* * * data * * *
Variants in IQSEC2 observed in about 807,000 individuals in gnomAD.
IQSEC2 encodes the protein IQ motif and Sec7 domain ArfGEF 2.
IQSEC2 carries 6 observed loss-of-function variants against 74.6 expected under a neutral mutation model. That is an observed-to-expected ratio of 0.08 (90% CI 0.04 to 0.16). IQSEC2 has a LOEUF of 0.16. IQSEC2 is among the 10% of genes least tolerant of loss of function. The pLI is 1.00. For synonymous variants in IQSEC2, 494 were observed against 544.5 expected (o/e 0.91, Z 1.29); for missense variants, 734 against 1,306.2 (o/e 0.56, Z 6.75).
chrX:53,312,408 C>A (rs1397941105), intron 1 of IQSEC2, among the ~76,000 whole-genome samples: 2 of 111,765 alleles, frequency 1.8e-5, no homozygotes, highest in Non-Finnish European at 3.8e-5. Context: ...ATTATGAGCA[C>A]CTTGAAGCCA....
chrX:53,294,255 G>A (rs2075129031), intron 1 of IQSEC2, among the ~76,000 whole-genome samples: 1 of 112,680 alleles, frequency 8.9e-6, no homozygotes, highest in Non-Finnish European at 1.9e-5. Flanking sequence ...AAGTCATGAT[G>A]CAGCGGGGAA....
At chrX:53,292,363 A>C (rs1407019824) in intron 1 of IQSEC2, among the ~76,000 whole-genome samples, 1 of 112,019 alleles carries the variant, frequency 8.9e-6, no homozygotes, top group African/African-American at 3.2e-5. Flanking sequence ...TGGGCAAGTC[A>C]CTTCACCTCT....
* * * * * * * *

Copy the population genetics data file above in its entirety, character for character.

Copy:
Variants in IQSEC2 observed in about 807,000 individuals in gnomAD.
IQSEC2 encodes the protein IQ motif and Sec7 domain ArfGEF 2.
IQSEC2 carries 6 observed loss-of-function variants against 74.6 expected under a neutral mutation model. That is an observed-to-expected ratio of 0.08 (90% CI 0.04 to 0.16). IQSEC2 has a LOEUF of 0.16. IQSEC2 is among the 10% of genes least tolerant of loss of function. The pLI is 1.00. For synonymous variants in IQSEC2, 494 were observed against 544.5 expected (o/e 0.91, Z 1.29); for missense variants, 734 against 1,306.2 (o/e 0.56, Z 6.75).
chrX:53,312,408 C>A (rs1397941105), intron 1 of IQSEC2, among the ~76,000 whole-genome samples: 2 of 111,765 alleles, frequency 1.8e-5, no homozygotes, highest in Non-Finnish European at 3.8e-5. Context: ...ATTATGAGCA[C>A]CTTGAAGCCA....
chrX:53,294,255 G>A (rs2075129031), intron 1 of IQSEC2, among the ~76,000 whole-genome samples: 1 of 112,680 alleles, frequency 8.9e-6, no homozygotes, highest in Non-Finnish European at 1.9e-5. Flanking sequence ...AAGTCATGAT[G>A]CAGCGGGGAA....
At chrX:53,292,363 A>C (rs1407019824) in intron 1 of IQSEC2, among the ~76,000 whole-genome samples, 1 of 112,019 alleles carries the variant, frequency 8.9e-6, no homozygotes, top group African/African-American at 3.2e-5. Flanking sequence ...TGGGCAAGTC[A>C]CTTCACCTCT....